Crude or Profane Language
Four or five uses of "gosh."
Drug and Alcohol Content
The 18-year-old Grace is never carded once she arrives in Los Angeles. She begins to drink—champagne at first, in celebration of her first record deal. Later she starts ordering the signature beverage of her image consultant, and we see her get drunk while out on a date.
It's just the sort of behavior Johnny was worried about. He frittered away his own career in a haze of drugs (Grace calls him out for being "wasted" back in the day), and he admits that, with all he did back then, he's lucky to be alive. "The drugs alone should've killed me," he says. "Glad that part of my life is over."
Grace plays in a nightclub, and we see alcohol at bars and parties.
Grace Unplugged can feel, at times, like The Miley Cyrus Story: What Could've Been. We have a one-hit wonder who finds faith and raises a talented daughter … then that talented daughter turns 18 and goes a little crazy.
Here's where the stories diverge (at least for now): The daughter realizes the error of her ways, comes back to her morals, her senses and her daddy, and everyone lives happily ever after.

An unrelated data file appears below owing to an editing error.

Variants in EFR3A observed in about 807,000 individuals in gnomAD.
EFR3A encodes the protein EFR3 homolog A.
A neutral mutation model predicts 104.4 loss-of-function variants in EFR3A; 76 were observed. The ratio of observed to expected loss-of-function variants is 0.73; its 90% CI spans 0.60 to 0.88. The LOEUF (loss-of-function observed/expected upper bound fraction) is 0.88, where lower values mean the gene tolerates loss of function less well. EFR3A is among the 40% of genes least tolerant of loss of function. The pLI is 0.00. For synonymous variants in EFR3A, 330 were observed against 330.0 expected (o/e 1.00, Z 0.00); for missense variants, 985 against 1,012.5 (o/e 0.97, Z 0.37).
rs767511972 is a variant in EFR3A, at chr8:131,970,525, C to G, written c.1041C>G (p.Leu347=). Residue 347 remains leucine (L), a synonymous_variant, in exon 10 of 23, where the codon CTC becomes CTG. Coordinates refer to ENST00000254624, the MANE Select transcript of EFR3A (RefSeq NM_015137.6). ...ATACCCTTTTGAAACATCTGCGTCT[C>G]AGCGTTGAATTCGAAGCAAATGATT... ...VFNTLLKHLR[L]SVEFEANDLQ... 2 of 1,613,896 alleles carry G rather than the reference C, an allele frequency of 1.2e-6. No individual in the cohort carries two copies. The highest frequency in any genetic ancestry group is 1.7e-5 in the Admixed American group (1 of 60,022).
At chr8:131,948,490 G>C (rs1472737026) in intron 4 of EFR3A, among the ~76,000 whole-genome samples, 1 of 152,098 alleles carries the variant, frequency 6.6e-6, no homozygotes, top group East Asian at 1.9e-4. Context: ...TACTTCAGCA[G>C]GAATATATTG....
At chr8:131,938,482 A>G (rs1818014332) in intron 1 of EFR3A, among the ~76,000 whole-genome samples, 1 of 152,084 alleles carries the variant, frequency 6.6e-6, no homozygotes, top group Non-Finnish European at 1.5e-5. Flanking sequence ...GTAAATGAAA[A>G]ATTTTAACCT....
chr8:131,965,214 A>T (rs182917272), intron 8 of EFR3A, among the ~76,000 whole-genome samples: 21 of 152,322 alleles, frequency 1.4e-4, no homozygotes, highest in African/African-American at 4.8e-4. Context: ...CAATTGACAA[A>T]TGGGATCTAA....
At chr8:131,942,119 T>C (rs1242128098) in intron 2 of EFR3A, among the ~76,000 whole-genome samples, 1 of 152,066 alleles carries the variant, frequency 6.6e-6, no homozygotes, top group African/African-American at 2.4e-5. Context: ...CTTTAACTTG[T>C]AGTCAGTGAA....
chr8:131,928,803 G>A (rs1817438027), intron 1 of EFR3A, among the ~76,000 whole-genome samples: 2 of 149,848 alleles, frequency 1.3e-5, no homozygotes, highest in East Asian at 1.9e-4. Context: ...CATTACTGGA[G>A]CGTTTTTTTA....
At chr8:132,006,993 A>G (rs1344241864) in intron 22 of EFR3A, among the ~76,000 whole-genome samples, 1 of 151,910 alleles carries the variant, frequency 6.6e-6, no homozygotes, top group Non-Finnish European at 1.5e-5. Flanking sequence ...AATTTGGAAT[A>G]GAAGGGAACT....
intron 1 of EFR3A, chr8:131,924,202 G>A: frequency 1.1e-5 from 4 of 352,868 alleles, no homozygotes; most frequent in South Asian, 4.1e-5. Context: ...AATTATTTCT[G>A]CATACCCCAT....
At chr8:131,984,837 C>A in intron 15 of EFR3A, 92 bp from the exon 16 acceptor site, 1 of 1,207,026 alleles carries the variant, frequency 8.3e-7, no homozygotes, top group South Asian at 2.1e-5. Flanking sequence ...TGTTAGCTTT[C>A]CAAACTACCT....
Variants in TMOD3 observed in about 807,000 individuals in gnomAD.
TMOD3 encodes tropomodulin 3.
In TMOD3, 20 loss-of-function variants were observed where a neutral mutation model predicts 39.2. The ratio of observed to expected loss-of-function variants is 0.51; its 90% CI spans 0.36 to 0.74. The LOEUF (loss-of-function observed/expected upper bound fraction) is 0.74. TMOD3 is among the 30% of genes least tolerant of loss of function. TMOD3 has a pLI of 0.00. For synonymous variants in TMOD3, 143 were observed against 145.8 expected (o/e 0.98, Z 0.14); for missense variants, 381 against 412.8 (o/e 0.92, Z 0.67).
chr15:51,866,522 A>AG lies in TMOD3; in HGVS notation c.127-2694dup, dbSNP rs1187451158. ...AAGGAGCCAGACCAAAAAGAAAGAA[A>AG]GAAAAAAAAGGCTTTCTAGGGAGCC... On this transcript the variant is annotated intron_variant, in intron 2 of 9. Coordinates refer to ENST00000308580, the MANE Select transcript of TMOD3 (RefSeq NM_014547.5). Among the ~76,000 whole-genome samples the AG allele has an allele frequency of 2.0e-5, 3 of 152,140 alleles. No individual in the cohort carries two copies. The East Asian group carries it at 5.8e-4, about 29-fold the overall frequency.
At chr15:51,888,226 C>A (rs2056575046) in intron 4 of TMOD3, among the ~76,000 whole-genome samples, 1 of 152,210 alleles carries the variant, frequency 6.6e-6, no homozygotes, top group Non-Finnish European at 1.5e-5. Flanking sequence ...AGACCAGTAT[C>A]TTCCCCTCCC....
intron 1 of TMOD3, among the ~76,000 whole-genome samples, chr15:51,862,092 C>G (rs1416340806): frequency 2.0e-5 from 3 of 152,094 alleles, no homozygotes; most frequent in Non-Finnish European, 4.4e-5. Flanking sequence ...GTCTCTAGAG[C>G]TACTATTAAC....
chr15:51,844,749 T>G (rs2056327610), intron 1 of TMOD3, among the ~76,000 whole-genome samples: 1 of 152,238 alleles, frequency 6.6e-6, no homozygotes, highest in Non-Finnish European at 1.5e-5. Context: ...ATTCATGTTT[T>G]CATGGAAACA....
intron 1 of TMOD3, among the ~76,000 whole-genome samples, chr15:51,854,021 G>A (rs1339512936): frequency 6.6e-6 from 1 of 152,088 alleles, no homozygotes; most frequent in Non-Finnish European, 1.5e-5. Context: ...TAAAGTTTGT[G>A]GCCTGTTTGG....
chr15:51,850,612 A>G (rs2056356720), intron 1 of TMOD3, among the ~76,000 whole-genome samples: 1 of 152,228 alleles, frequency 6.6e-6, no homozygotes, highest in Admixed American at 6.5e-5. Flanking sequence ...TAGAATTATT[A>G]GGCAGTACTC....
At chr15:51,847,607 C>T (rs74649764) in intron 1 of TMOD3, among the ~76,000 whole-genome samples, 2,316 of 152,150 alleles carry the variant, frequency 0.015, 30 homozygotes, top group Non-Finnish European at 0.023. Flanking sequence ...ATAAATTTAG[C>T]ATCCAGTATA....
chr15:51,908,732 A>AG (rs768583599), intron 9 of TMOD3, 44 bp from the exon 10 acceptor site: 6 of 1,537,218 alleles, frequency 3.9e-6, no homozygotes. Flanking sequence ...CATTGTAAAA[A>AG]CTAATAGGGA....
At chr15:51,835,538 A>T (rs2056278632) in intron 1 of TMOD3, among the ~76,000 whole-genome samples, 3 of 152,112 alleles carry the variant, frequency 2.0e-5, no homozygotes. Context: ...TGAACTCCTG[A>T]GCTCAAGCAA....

But there's more to this moving story of rebellion, regret and reconciliation.
I think most fathers (and mothers) eventually grow familiar with the complicated two-step we see here—the desire to protect your kids clashing with the need to let them go. And I think most teens can sympathize with Grace and her dreams. Indeed, we all must eventually either accept or reject our parents' teaching, make our faith our own (or not) and go into the world on our own, and in our own way.
The pressure can be immense to do this sort of thing gracefully. But it ain't easy. And in many families, it can make for a whole lot of stress and anger and tears.
So in the midst of it all, it can be easy to forget a simple but profound truth: God is in control.
Johnny doesn't feel that sense of peace. He can't control his daughter. He can't control his own reactions at times. And I get that: As a parent, you want to make your kids understand certain things. You want to save them from bad decisions—perhaps the very decisions you made yourself once. So it's good for me to be reminded that that's not always possible. As Johnny's pastor and friend tells him, "God may not be using you in Grace's life right now. And He may never. But He is in control."